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Ms. CHU. I rise today in strong opposition to H.R. 2681 and H.R. 2250.
Some in Congress want to use the jobs crisis as an excuse to roll back clean air protections that will prevent 9,000 premature deaths every year. Today, we are debating an unnecessary, wasteful bill that only delays long overdue pollution-reducing regulations at the expense of Americans' health. This is one of the Republicans' so-called ``jobs bills,'' conducting redundant and costly studies that will do nothing but add paper to landfills instead of creating jobs by upgrading cement kilns so that they are no longer a threat to public health.
These studies have been done. Americans are still breathing mercury, arsenic, and lead; but we have a means to clean it up. It's called the Clean Air Act, and it was passed in 1963. It is known as one of the most successful pieces of legislation in congressional history; yet the Republican majority is trying to gut it over and over, bill after bill, wasting time and energy that could be spent passing legislation that would help create new jobs for Americans. Today's bill would cancel requirements to clean up toxic air pollution, smog, and soot from cement plants.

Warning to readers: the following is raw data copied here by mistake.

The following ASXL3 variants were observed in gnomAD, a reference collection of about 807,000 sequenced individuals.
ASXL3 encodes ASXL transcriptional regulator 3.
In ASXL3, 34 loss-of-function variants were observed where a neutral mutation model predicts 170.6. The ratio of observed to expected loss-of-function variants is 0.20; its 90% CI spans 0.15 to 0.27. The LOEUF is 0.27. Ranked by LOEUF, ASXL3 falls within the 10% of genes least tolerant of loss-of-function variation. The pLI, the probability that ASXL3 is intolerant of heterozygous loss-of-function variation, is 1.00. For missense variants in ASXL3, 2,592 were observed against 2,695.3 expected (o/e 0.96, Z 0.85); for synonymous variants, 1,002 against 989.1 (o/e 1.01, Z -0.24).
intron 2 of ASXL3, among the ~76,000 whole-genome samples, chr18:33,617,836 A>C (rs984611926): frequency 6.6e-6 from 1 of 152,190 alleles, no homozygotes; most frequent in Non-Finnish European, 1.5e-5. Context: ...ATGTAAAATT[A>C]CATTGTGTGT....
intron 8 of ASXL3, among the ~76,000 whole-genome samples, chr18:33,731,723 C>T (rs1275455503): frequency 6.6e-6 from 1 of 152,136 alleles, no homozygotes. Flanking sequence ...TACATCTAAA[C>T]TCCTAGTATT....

So, while big companies save a penny or two, American families will face billions of dollars in increased health costs. Thousands more people will go to hospitals with cases of bronchitis, heart attacks, asthma attacks, and thousands more will die prematurely. These pollutants are also neurotoxins, causing major harm to the development of unborn babies, infants, and children.
While the majority claims that eliminating this antipollution rule for the cement industry will be good for business and the economy, the EPA rule institutes new standards based on the best available technology already in use in the industry. Let me repeat that. This rule that the Republicans are trying to weaken is based on the best available technology already in use voluntarily by a good portion of the companies in the industry.
What does that mean? These antipollution standards are actually achievable today, and companies are already using them and making a profit.
So today's bill is just another in a long string of anti-environment/anti-health attacks that look out for corporate interests over the best interests of American families. We cannot afford to give polluters a free pass to spew deadly, toxic air pollution that hurts our health and puts our children at risk. No matter what anyone says, increased pollution is not a sustainable path to job creation. Instead, we should be saving lives, saving our environment, and investing in the clean-tech jobs of the future.
I urge my colleagues to oppose this bill and the anti-environment/anti-American health bill that is up for a vote tomorrow.
I yield back the balance of my time.
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